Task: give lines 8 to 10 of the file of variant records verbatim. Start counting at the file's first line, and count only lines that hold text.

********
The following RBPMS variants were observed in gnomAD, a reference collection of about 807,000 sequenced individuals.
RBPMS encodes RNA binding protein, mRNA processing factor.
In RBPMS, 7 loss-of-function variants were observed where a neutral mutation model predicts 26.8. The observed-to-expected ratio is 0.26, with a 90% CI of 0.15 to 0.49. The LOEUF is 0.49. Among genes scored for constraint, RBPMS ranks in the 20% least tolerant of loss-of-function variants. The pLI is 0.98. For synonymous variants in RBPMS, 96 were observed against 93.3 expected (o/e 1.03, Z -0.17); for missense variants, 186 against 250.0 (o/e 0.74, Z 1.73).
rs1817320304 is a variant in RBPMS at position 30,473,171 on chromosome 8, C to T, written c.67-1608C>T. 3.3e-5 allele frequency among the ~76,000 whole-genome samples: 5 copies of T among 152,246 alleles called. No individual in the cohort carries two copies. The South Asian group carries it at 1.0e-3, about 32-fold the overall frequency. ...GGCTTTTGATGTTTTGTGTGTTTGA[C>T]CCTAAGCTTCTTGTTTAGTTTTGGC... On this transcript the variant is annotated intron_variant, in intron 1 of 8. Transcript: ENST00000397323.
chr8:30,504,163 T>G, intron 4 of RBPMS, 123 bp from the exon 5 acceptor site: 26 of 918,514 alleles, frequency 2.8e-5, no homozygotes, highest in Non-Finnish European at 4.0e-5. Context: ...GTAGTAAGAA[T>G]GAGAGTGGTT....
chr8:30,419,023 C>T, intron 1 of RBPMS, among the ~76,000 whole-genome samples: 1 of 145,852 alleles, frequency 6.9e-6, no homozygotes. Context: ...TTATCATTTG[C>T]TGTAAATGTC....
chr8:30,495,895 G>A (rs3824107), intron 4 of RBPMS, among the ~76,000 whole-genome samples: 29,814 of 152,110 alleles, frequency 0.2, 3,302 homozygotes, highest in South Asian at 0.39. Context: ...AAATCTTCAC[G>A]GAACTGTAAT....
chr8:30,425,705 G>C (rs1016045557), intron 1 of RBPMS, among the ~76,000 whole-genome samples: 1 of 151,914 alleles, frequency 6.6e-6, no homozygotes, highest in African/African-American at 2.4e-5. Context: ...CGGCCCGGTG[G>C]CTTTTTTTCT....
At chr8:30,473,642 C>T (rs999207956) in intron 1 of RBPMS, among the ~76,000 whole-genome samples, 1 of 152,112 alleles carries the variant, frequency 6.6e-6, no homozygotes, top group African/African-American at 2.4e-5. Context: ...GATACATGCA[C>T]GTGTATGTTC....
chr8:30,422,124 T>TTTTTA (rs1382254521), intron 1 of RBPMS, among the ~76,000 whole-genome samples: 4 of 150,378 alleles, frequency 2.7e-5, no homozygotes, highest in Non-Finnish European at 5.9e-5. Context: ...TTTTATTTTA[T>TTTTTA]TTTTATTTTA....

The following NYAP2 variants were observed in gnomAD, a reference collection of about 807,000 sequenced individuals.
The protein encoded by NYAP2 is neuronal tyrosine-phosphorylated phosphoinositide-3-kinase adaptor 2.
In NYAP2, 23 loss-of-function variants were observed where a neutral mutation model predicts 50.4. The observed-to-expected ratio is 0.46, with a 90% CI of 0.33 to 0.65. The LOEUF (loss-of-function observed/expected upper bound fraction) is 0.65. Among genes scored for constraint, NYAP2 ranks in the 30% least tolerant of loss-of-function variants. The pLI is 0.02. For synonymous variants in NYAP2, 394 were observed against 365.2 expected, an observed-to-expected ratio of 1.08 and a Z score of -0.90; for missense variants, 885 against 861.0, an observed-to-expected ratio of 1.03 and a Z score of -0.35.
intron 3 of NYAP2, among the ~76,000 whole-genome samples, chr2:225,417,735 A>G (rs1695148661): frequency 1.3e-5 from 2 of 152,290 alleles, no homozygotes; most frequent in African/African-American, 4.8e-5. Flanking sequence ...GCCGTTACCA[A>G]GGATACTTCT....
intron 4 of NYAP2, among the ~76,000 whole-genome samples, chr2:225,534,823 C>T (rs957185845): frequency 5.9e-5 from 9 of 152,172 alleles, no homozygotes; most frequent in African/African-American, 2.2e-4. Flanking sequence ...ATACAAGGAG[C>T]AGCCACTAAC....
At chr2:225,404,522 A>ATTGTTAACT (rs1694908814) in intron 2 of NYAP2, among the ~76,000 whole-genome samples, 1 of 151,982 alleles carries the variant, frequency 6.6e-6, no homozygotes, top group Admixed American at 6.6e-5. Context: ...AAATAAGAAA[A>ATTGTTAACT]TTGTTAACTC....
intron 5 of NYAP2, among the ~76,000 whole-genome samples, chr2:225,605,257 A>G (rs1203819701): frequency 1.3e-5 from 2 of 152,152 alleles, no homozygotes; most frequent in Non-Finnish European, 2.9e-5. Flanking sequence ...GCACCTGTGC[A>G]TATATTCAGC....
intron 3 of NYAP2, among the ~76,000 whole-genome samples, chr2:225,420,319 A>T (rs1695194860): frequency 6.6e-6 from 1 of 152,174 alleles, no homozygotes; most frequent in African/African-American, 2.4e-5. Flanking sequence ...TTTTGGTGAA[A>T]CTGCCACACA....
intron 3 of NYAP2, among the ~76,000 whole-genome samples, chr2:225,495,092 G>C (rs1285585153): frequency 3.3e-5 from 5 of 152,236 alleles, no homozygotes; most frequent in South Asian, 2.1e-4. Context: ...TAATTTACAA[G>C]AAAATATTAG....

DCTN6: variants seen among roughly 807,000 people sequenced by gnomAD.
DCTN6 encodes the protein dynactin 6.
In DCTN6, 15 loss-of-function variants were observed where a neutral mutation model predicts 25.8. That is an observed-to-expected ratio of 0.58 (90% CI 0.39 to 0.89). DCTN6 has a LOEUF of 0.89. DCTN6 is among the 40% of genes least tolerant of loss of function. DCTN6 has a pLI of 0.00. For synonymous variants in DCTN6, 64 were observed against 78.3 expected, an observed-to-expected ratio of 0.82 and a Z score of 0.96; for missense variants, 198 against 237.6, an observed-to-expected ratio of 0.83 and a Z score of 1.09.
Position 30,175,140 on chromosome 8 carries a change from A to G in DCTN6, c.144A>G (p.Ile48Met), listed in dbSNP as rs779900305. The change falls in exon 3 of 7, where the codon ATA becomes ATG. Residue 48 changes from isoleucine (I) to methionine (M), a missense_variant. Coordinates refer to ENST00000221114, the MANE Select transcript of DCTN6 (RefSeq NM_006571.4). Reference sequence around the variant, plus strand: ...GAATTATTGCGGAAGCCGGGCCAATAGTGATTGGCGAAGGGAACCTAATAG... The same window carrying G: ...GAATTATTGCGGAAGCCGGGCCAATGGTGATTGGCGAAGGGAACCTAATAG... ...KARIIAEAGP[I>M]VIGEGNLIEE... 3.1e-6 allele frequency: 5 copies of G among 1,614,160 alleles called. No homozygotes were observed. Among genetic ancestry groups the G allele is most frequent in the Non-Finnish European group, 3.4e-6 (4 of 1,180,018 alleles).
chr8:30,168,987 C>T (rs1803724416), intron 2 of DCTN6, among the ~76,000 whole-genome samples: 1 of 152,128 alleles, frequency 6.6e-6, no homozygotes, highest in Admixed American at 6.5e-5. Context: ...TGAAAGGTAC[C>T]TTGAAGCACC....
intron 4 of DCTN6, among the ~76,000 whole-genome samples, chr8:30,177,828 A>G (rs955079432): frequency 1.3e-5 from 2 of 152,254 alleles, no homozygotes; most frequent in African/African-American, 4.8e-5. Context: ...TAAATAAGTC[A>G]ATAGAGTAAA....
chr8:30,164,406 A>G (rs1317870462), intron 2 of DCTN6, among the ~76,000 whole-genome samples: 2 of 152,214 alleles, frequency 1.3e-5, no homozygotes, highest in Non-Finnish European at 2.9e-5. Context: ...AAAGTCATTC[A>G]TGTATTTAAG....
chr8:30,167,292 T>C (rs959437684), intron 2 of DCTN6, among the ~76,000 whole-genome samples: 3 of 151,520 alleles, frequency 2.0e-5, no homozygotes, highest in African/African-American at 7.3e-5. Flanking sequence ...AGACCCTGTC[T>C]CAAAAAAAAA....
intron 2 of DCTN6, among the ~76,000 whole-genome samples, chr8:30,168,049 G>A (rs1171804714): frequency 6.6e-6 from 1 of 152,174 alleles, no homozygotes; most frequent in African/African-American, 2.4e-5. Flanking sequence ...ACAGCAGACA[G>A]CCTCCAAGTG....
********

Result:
chr8:30,425,705 G>C (rs1016045557), intron 1 of RBPMS, among the ~76,000 whole-genome samples: 1 of 151,914 alleles, frequency 6.6e-6, no homozygotes, highest in African/African-American at 2.4e-5. Context: ...CGGCCCGGTG[G>C]CTTTTTTTCT....
At chr8:30,473,642 C>T (rs999207956) in intron 1 of RBPMS, among the ~76,000 whole-genome samples, 1 of 152,112 alleles carries the variant, frequency 6.6e-6, no homozygotes, top group African/African-American at 2.4e-5. Context: ...GATACATGCA[C>T]GTGTATGTTC....
chr8:30,422,124 T>TTTTTA (rs1382254521), intron 1 of RBPMS, among the ~76,000 whole-genome samples: 4 of 150,378 alleles, frequency 2.7e-5, no homozygotes, highest in Non-Finnish European at 5.9e-5. Context: ...TTTTATTTTA[T>TTTTTA]TTTTATTTTA....